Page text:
The Rev. James H. Cone is the founder of black liberation theology. In an interview with Terry Gross, Cone explains the movement, which has roots in 1960s civil-rights activism and draws inspiration from both the Rev. Martin Luther King, Jr. and Malcolm X — and he comments on controversial remarks made by the Rev. Jeremiah Wright, Barack Obama’s former minister and a black liberation theology proponent. In a now-famous 2003 sermon, Wright charged that an ingrained, abiding racism in American society is at fault for many of the troubles African-Americans face, and he thundered, “No, no, no, not God bless America! God damn America — that’s in the Bible — for killing innocent people.” Cone explains that at the core of black liberation theology is an effort to make the gospel relevant to the life and struggles of American blacks. Cone’s books include Black Theology and Black Power, God of the Oppressed, and Risks of Faith. He serves as the Distinguished Professor of Systematic Theology at Union Theological Seminary in the City of New York.
BOBBY GHOSH just returned from a two-week trip to Iraq. Guest host, Dave Davies talks with Ghosh about what life is like in Baghdad and the challenges of reporting on the war. Ghosh was Baghdad Bureau chief for Time magazine from the beginning of the war in 2003 until six months ago when he became World Editor of the magazine.
Progress update on Philadelphia’s crime emergency. We’ll talk with the City’s new Police commissioner CHARLES RAMSEY about his plan targeting high crime neighborhoods for additional police patrols. Prior to taking the job in Philadelphia in 2007, Ramsey served on an independent commission for Congress that assessed the readiness of Iraq’s military and police forces. Ramsey served as the chief of the Metropolitan Police Department of the District of Columbia from 1998-2006.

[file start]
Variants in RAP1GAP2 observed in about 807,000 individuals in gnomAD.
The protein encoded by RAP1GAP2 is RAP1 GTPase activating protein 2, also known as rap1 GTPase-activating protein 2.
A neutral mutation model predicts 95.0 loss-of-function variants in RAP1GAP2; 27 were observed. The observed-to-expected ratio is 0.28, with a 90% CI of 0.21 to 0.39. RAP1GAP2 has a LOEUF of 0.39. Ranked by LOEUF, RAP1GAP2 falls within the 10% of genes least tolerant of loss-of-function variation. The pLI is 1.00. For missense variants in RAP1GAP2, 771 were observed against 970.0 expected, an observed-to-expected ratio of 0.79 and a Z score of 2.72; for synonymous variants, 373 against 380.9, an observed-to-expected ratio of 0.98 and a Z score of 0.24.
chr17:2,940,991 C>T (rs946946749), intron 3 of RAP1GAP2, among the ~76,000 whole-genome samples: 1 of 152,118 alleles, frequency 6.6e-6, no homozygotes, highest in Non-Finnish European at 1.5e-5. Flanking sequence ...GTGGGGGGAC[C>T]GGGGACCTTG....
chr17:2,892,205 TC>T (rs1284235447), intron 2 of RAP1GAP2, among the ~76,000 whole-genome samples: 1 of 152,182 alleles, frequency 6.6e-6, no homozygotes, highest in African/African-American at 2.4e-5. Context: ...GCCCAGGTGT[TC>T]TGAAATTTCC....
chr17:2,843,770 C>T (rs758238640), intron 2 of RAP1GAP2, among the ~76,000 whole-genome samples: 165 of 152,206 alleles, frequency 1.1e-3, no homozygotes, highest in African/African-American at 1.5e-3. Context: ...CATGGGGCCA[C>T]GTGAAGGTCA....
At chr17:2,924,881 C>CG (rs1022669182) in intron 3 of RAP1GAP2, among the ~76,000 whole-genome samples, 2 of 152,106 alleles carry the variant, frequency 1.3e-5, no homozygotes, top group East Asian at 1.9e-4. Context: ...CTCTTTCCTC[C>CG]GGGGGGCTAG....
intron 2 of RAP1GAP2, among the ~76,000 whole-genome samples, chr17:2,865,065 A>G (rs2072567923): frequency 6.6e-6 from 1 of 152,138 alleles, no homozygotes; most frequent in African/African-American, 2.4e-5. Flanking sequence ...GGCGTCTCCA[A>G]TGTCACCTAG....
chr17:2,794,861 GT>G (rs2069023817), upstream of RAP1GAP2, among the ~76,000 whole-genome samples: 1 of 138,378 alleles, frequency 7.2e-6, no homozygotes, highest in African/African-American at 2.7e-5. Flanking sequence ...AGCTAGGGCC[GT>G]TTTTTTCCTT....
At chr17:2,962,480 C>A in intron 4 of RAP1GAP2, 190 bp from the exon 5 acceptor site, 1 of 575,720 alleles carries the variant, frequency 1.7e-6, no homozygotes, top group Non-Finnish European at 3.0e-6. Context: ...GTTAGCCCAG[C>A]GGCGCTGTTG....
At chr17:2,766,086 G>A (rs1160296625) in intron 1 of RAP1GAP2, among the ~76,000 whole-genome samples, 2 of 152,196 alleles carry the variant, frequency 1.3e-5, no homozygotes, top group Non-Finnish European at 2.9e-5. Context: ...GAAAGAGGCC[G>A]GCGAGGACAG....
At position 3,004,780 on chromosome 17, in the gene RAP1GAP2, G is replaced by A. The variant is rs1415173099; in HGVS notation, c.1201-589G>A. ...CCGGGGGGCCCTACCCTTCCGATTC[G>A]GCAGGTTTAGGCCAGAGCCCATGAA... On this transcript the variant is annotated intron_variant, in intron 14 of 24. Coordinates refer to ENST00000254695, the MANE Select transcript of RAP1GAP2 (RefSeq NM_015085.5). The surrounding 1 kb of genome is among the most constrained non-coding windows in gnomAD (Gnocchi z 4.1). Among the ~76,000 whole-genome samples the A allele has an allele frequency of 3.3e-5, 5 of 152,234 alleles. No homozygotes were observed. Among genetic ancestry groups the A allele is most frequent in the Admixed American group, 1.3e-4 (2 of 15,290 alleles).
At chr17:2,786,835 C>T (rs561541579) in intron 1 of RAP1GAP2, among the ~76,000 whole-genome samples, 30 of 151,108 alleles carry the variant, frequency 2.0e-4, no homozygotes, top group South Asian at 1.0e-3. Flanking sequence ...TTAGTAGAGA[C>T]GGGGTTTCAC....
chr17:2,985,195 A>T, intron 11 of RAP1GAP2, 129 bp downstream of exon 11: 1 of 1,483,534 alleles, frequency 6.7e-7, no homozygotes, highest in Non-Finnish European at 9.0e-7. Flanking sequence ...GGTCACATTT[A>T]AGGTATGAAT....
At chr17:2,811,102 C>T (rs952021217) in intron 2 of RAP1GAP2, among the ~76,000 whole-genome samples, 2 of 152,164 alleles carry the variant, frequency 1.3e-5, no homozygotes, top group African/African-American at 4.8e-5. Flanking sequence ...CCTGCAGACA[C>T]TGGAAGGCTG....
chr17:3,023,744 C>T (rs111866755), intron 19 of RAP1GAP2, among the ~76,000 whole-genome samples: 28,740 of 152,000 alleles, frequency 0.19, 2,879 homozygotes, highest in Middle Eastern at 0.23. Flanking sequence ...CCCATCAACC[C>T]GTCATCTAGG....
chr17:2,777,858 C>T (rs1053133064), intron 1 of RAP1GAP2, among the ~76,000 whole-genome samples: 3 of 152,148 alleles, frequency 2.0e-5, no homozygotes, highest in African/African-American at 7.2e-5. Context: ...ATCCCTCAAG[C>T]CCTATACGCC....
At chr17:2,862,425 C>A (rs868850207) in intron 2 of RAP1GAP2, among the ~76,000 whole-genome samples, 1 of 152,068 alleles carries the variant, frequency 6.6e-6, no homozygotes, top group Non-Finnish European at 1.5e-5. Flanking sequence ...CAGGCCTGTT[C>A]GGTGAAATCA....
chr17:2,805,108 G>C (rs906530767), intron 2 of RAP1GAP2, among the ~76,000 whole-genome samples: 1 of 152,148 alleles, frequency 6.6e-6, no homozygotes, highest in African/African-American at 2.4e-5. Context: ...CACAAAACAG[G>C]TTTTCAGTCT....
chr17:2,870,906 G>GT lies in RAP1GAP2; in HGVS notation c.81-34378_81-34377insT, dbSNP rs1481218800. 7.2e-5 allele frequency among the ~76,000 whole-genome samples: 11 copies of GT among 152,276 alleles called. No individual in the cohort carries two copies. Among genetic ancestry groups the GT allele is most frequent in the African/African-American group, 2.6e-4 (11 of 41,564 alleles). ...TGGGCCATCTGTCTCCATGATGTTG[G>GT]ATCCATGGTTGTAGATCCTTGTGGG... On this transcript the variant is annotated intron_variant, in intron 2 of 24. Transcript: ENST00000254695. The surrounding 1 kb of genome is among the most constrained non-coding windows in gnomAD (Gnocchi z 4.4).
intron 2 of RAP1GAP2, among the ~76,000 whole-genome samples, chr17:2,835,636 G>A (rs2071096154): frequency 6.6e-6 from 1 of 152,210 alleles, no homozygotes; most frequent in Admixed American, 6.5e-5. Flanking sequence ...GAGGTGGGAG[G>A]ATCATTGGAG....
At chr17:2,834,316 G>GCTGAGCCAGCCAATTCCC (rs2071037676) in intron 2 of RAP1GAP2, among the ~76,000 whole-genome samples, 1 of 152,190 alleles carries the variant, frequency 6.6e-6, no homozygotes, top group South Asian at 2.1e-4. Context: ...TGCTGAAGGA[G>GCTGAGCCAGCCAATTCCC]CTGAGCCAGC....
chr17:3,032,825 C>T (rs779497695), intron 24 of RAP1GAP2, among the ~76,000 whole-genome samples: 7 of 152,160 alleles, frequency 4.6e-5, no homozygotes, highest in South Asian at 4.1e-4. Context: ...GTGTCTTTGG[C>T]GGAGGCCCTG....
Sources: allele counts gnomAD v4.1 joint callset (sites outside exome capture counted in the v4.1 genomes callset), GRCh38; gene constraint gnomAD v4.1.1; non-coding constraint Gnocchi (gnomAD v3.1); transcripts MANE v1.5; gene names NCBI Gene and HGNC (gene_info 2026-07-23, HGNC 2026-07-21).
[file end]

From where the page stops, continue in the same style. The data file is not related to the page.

THE WORLD CAFE
Former singer, guitarist, and songwriter of internationally acclaimed group, the Jayhawks, Gary Louris launches his solo career with Vagabonds. He recorded much of the album live, with background vocals contributed by Susanna Hoffs of The Bangles, Rilo Kiley’s Jenny Lewis, and the Black Crowes’ Chris Robinson, who also produced the album. Louris says the most interesting of his songs are not born from specific ideas, and the proof lies in this collection; based on an almost spiritual search for meaning, these songs can be at once brooding and inspirational.
THE DOORS: Waiting For The Sun